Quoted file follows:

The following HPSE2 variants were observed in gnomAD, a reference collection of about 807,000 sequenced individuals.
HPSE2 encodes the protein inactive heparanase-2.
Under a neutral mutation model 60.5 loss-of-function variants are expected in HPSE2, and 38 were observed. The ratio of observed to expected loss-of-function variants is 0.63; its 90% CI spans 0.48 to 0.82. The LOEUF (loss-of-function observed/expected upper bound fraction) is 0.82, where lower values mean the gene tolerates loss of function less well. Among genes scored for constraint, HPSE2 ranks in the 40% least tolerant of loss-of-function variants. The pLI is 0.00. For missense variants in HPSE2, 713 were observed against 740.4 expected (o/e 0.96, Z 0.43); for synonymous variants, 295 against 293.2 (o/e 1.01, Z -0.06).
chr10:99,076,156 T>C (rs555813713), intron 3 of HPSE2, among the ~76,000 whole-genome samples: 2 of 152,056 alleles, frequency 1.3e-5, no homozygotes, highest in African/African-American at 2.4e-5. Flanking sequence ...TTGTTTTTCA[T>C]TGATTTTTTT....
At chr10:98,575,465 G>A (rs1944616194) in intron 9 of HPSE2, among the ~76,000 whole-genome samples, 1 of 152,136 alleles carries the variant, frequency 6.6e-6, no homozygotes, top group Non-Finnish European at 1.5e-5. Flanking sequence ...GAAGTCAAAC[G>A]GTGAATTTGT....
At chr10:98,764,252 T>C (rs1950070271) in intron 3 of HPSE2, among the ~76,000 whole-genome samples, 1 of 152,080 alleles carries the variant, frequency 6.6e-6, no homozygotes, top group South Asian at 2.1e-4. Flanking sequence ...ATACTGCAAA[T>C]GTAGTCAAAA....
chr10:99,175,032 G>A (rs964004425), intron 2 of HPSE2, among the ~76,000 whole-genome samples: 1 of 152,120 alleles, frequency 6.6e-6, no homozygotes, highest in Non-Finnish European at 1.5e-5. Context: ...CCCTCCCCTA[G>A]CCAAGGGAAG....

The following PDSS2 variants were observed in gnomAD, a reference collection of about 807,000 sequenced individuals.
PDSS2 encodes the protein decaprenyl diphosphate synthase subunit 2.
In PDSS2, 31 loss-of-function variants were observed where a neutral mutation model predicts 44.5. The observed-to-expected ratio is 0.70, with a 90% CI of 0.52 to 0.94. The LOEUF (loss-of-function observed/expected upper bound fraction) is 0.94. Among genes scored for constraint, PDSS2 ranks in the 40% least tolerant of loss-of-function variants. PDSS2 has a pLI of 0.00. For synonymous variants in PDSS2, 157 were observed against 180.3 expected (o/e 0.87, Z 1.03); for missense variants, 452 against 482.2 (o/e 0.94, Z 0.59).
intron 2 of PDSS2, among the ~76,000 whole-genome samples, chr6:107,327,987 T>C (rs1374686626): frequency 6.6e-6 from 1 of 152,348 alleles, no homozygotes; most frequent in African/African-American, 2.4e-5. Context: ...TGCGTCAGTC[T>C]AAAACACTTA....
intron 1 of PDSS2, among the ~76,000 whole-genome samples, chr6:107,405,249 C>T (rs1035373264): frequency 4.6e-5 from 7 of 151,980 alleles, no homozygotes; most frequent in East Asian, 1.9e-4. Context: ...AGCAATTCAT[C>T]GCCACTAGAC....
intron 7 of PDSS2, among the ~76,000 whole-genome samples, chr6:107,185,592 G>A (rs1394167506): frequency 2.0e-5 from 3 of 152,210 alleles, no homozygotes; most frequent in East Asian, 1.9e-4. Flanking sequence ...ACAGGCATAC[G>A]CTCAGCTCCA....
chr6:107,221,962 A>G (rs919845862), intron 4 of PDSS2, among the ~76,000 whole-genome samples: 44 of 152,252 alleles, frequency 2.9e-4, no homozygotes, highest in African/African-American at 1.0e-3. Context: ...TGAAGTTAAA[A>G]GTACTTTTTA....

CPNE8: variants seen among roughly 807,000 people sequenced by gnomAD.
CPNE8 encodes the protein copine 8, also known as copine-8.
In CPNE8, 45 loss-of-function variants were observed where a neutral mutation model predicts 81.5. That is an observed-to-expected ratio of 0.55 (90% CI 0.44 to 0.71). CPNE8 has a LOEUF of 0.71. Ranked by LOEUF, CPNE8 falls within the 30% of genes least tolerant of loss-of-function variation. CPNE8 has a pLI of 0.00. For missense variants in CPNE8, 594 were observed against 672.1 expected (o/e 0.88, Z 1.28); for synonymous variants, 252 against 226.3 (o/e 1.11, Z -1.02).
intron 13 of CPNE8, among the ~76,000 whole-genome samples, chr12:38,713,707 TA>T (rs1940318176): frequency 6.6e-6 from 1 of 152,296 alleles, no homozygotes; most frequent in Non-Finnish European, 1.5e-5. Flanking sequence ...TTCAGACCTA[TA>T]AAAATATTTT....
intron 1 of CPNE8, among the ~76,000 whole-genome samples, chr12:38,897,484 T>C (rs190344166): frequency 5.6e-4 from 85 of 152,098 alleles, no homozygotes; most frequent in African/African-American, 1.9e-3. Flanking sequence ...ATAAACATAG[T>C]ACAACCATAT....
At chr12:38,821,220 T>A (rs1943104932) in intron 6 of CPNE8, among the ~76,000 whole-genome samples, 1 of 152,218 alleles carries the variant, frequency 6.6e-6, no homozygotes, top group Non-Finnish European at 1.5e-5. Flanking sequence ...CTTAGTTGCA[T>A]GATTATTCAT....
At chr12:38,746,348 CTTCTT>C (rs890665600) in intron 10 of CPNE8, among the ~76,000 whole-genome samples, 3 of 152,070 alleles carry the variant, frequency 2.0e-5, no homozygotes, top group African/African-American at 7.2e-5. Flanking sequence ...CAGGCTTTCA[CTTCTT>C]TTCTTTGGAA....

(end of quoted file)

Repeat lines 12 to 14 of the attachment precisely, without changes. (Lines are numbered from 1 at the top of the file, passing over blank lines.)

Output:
intron 1 of PDSS2, among the ~76,000 whole-genome samples, chr6:107,405,249 C>T (rs1035373264): frequency 4.6e-5 from 7 of 151,980 alleles, no homozygotes; most frequent in East Asian, 1.9e-4. Context: ...AGCAATTCAT[C>T]GCCACTAGAC....
intron 7 of PDSS2, among the ~76,000 whole-genome samples, chr6:107,185,592 G>A (rs1394167506): frequency 2.0e-5 from 3 of 152,210 alleles, no homozygotes; most frequent in East Asian, 1.9e-4. Flanking sequence ...ACAGGCATAC[G>A]CTCAGCTCCA....
chr6:107,221,962 A>G (rs919845862), intron 4 of PDSS2, among the ~76,000 whole-genome samples: 44 of 152,252 alleles, frequency 2.9e-4, no homozygotes, highest in African/African-American at 1.0e-3. Context: ...TGAAGTTAAA[A>G]GTACTTTTTA....